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United States Department of Agriculture

Agricultural Research Service

Title: Longevity and Genetic Stability of Cryopreserved Materials

Author
item Walters, Christina

Submitted to: International Society for Biological and Environmental Repositories Newslet
Publication Type: Abstract Only
Publication Acceptance Date: May 20, 2003
Publication Date: May 4, 2003
Citation: Walters, C. 2003. Longevity and Genetic stability of cryopreserved materials. International Society for Biological and Environmental Repositories Newsletter, May 4-7, 2003, Philadelphia, PA. pp. 14.

Interpretive Summary: Though cryogenic storage is presumed to provide nearly infinite longevity to cells, the actual time scale for changes in viability has not been addressed theoretically or empirically. In this presentation, theoretical aspects of storage stability at cryogenic temperatures are discussed in terms of molecular mobility within aqueous amorphous matrices. Empirical aspects are discussed using results of an experiment in which seeds were stored in liquid nitrogen vapor or liquid (-135 and-196C, respectively) for about 20 years. We show that molecular mobility and deterioration of germplasm are indeed limited at cryogenic temperatures, decreasing by about 8 orders of magnitude over a 100C temperature range. However, the extreme cold is not sufficient to stop either process. Molecular mobility in seeds at low temperatures is more rapid than predicted by the Vogel-Tamman-Fulcher (VTF) model for relaxation of ideal glasses and considerations using Adams-Gibbs configurational entropy demonstrated that the temperature dependency of aqueous glasses in seeds changed from fragile to strong behavior (i.e., VTF to Arrhenius kinetics) at temperatures below the glass transition temperature (Tg) and the Kauzman temperature (TK). A similar change in temperature dependency was noted for seed aging rates. The benefit of low temperature storage (-18C or -135C) on seed longevity was progressively lost if seeds were first stored at 5C, and this result has serious implications for processing samples intended for cryogenic storage. Collectively, our results indicate that molecular motion must be regarded as unavoidable in vitrified biological materials, implying that indefinite shelf life may not be possible using current cryogenic technologies. If this is true, the desired or achievable shelf-life for preserved materials must be more concretely defined by the user and genebank operator and time scales for biological change must be determined for an array of materials and preservation strategies. This work contributes to reliable assessments of the potential benefit and cost of different genebanking strategies.

Technical Abstract: Though cryogenic storage is presumed to provide nearly infinite longevity to cells, the actual time scale for changes in viability has not been addressed theoretically or empirically. In this presentation, theoretical aspects of storage stability at cryogenic temperatures are discussed in terms of molecular mobility within aqueous amorphous matrices. Empirical aspects are discussed using results of an experiment in which seeds were stored in liquid nitrogen vapor or liquid (-135 and-196C, respectively) for about 20 years. We show that molecular mobility and deterioration of germplasm are indeed limited at cryogenic temperatures, decreasing by about 8 orders of magnitude over a 100C temperature range. However, the extreme cold is not sufficient to stop either process. Molecular mobility in seeds at low temperatures is more rapid than predicted by the Vogel-Tamman-Fulcher (VTF) model for relaxation of ideal glasses and considerations using Adams-Gibbs configurational entropy demonstrated that the temperature dependency of aqueous glasses in seeds changed from fragile to strong behavior (i.e., VTF to Arrhenius kinetics) at temperatures below the glass transition temperature (Tg) and the Kauzman temperature (TK). A similar change in temperature dependency was noted for seed aging rates. The benefit of low temperature storage (-18C or -135C) on seed longevity was progressively lost if seeds were first stored at 5C, and this result has serious implications for processing samples intended for cryogenic storage. Collectively, our results indicate that molecular motion must be regarded as unavoidable in vitrified biological materials, implying that indefinite shelf life may not be possible using current cryogenic technologies. If this is true, the desired or achievable shelf-life for preserved materials must be more concretely defined by the user and genebank operator and time scales for biological change must be determined for an array of materials and preservation strategies. This work contributes to reliable assessments of the potential benefit and cost of different genebanking strategies.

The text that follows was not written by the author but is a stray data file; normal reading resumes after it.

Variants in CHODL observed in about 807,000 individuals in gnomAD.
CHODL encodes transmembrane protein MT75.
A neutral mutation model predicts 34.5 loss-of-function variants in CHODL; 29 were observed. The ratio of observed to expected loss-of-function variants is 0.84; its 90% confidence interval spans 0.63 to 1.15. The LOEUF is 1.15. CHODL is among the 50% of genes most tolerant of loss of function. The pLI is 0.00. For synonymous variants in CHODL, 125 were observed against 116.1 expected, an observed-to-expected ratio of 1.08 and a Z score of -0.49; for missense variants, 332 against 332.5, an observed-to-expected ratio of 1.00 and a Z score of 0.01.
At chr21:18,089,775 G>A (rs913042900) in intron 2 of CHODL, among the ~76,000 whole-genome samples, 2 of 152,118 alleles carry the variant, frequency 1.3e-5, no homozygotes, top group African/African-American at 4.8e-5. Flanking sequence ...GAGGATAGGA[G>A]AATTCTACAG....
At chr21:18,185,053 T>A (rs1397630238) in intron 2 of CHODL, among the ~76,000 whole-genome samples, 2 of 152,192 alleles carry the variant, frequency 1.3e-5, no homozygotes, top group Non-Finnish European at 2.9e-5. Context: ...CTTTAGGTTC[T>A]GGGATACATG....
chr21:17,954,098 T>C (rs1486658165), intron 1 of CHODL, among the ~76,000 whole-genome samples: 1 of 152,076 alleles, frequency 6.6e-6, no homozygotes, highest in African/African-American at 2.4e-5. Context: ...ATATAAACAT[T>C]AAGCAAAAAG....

Last Modified: 8/29/2014
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